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Digesting a Trump Presidency

By Staff Writer Caroline Lupetini ‘19

· Caroline Lupetini

It is safe to say that most of this country was incredibly surprised when, early in the night on November 8th, Donald J. Trump started to pull ahead in key swing states like Florida and Pennsylvania. The race was finally called for Trump after two-thirty in the morning on November 9th, so late that Clinton gave her concession speech much later, around ten in the morning.

In the subsequent days following the election, protests erupted throughout the country over what many see as a fundamentally undemocratic system-- the Electoral College. Clinton’s popular vote lead has now widened to over two million votes, however, because most of these votes are concentrated in already heavily democratic places like California, where Clinton, while picking up more and more votes, will not earn any more Electoral College votes. On a purely surface level, it does seem wrong that in a nationwide election, the raw number of votes for a candidate does not decide who will represent the nation in its highest office.

Unfortunately, this is the system that is outlined in our Constitution, and it would take an Amendment to get rid of it. However, there are certainly reforms that could be made that would make this a more representative system of election our nation’s leader. The biggest flaw of the Electoral College (seen by this author) is the winner-take-all system, which is present in every state except Nebraska and Maine. Under this system, once a candidate has a plurality of the votes in a state, they will win all the state’s Electoral College votes. This leads to many voters in comfortably blue or red states feeling like their vote will get drowned out. A proportional system more like Maine’s or Nebraska’s will lead to an ultimately more competitive and representative election process, more akin to direct democracy while still working within what is dictated in our Constitution.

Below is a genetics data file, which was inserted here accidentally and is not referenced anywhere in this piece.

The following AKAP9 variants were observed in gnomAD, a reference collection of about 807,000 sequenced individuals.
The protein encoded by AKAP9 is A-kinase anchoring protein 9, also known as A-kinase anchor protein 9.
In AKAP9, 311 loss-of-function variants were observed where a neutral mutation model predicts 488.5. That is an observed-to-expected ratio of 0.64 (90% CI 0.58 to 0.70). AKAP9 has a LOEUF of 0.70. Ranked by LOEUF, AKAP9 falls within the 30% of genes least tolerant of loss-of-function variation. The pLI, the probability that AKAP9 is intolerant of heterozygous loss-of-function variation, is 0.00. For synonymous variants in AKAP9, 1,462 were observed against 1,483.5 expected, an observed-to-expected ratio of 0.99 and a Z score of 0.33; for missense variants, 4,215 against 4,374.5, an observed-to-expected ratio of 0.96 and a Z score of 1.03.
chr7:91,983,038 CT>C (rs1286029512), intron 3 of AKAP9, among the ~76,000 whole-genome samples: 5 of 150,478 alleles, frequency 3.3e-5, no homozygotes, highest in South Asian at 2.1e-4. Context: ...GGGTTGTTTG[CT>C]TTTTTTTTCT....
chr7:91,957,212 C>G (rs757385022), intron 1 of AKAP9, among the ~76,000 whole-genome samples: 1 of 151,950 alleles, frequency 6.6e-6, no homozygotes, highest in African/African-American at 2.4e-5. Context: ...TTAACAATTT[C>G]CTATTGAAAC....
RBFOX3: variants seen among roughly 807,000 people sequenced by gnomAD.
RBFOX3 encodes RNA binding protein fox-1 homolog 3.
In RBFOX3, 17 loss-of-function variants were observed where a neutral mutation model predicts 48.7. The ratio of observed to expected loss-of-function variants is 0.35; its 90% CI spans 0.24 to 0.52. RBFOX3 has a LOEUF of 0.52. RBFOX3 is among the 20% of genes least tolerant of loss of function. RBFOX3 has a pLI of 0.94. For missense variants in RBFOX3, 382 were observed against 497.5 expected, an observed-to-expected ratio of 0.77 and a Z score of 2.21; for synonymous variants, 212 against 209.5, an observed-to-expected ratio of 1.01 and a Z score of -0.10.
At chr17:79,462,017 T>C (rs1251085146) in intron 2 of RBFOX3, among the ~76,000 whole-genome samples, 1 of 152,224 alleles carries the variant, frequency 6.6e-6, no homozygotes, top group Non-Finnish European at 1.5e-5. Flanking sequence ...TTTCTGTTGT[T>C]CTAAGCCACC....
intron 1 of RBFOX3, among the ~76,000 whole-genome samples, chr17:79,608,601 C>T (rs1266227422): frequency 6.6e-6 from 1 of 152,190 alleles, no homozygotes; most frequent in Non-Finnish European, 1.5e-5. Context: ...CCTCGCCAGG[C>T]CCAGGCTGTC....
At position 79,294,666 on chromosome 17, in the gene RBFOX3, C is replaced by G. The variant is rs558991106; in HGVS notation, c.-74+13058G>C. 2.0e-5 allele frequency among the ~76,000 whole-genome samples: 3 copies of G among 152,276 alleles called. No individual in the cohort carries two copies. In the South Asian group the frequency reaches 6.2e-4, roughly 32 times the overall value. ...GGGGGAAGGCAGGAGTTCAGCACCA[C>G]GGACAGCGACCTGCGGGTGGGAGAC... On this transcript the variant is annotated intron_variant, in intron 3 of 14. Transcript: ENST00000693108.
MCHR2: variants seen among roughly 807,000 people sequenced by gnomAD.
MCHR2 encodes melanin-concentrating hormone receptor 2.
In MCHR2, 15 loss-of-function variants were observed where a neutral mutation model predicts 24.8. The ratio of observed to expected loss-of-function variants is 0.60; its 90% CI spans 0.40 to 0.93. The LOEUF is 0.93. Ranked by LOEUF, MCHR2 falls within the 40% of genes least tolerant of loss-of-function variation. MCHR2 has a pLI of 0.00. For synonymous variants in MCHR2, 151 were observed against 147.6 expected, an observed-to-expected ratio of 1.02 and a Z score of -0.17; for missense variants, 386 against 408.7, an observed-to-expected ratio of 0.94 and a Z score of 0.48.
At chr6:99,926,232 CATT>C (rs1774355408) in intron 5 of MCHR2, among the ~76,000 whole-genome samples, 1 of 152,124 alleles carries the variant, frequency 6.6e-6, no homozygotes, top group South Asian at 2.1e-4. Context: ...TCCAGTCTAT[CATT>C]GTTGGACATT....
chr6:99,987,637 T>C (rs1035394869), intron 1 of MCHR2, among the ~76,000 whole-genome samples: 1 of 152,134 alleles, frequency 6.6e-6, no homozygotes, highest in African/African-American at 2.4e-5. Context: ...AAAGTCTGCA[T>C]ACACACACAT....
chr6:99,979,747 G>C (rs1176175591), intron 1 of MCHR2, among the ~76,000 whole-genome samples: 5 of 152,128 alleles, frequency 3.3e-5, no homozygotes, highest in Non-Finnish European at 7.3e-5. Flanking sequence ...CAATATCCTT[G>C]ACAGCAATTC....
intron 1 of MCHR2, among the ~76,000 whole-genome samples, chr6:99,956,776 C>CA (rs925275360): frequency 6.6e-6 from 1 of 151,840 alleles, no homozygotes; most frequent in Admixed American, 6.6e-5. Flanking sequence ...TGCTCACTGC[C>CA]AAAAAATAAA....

Now, some four weeks after the election, Trump is well into his transitional period. Two appointments came out very quickly: Steven Bannon as senior adviser and chief strategist and Lt. Gen. Michael Flynn as National Security Adviser. Both positions require no Senate confirmation, and have considerable influence with the president. Flynn has tweeted or said extremely inflammatory statements about Islam, for example that the United States is in a “world war” with “radical Islamic terrorism.” He has also incorrectly described Islam as a “political ideology,” and not as a religion with over 1.6 billion adherents.

Lt. Gen. Flynn, in his Tweets, has also often linked to articles published in Breitbart News, the largest online “alt right” news source, of which Steve Bannon is executive chair. Bannon’s appointment is, to this author, somewhat frightening for many minorities in this country. Breitbart has frequently published racist, Islamophobic, anti-Semitic, misogynist, homophobic, and overall hateful articles that represent a considerable faction of conservatives, and one that gave immense support to Donald Trump’s campaign. These men are extremely disappointing picks for those that were hoping Trump would step down from his harsh, and often hateful, rhetoric seen on the campaign trail.

Shortly after the appointments of Bannon and Flynn, Trump also nominated Senator Jeff Sessions as Attorney General. Sessions was denied an appointment as a federal judge in 1986 after it was revealed that he had made racially-charged statements and jokes, including calling a black assistant US Attorney, “boy.” Some, like Black Lives Matter activist DeRay McKesson, would say that Sessions’ “documented racism and previous ineligibility for public office make him unfit to be the standard-bearer for the nation’s justice system.” While Sessions’ appointment will require Senate approval, it is looking likely that he will indeed hold this office, as the Republican party holds a slight majority of fifty-one or fifty-two seats in the Senate.

There is much more hope for rather moderate appointments in the Trump administration in Nikki Haley as ambassador to the United Nations and rumors of Mitt Romney as Secretary of State. However, the far-right individuals Trump has already appointed do nothing to encourage progressives hoping to make the most of a Republican presidency. Trump has proven that he is truly a new breed of president-elect, and it seems that the most progressives can do is continue to fight for their values. Concerned citizens have already proven that they will fight against hatred and extremism in the protests that occurred throughout the country. Volunteering at and especially donating to organizations that support progressive values is especially important to display popular support. The Trump presidency is a difficult, and even scary, pill to swallow, but one that the system of our nation has decided for us. He will be our president on January 21st and the best we can do is continue to lend our voices to supporting our marginalized fellow citizens.

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